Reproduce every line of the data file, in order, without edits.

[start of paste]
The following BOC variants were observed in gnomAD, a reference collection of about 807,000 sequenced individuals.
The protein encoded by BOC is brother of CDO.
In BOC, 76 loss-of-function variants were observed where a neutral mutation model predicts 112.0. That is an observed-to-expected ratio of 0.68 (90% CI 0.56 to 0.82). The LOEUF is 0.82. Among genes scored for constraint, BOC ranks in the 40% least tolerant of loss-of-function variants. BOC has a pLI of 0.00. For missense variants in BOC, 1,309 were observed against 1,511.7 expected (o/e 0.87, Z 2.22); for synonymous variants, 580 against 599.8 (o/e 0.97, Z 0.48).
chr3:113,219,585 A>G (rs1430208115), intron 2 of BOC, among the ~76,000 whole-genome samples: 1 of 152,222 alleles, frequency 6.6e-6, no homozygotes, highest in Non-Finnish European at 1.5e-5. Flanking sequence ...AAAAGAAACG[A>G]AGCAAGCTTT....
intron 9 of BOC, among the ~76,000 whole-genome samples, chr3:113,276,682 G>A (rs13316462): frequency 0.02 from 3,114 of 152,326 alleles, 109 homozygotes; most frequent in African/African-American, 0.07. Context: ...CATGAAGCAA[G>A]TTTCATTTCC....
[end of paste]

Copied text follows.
The following BOC variants were observed in gnomAD, a reference collection of about 807,000 sequenced individuals.
The protein encoded by BOC is brother of CDO.
In BOC, 76 loss-of-function variants were observed where a neutral mutation model predicts 112.0. That is an observed-to-expected ratio of 0.68 (90% CI 0.56 to 0.82). The LOEUF is 0.82. Among genes scored for constraint, BOC ranks in the 40% least tolerant of loss-of-function variants. BOC has a pLI of 0.00. For missense variants in BOC, 1,309 were observed against 1,511.7 expected (o/e 0.87, Z 2.22); for synonymous variants, 580 against 599.8 (o/e 0.97, Z 0.48).
chr3:113,219,585 A>G (rs1430208115), intron 2 of BOC, among the ~76,000 whole-genome samples: 1 of 152,222 alleles, frequency 6.6e-6, no homozygotes, highest in Non-Finnish European at 1.5e-5. Flanking sequence ...AAAAGAAACG[A>G]AGCAAGCTTT....
intron 9 of BOC, among the ~76,000 whole-genome samples, chr3:113,276,682 G>A (rs13316462): frequency 0.02 from 3,114 of 152,326 alleles, 109 homozygotes; most frequent in African/African-American, 0.07. Context: ...CATGAAGCAA[G>A]TTTCATTTCC....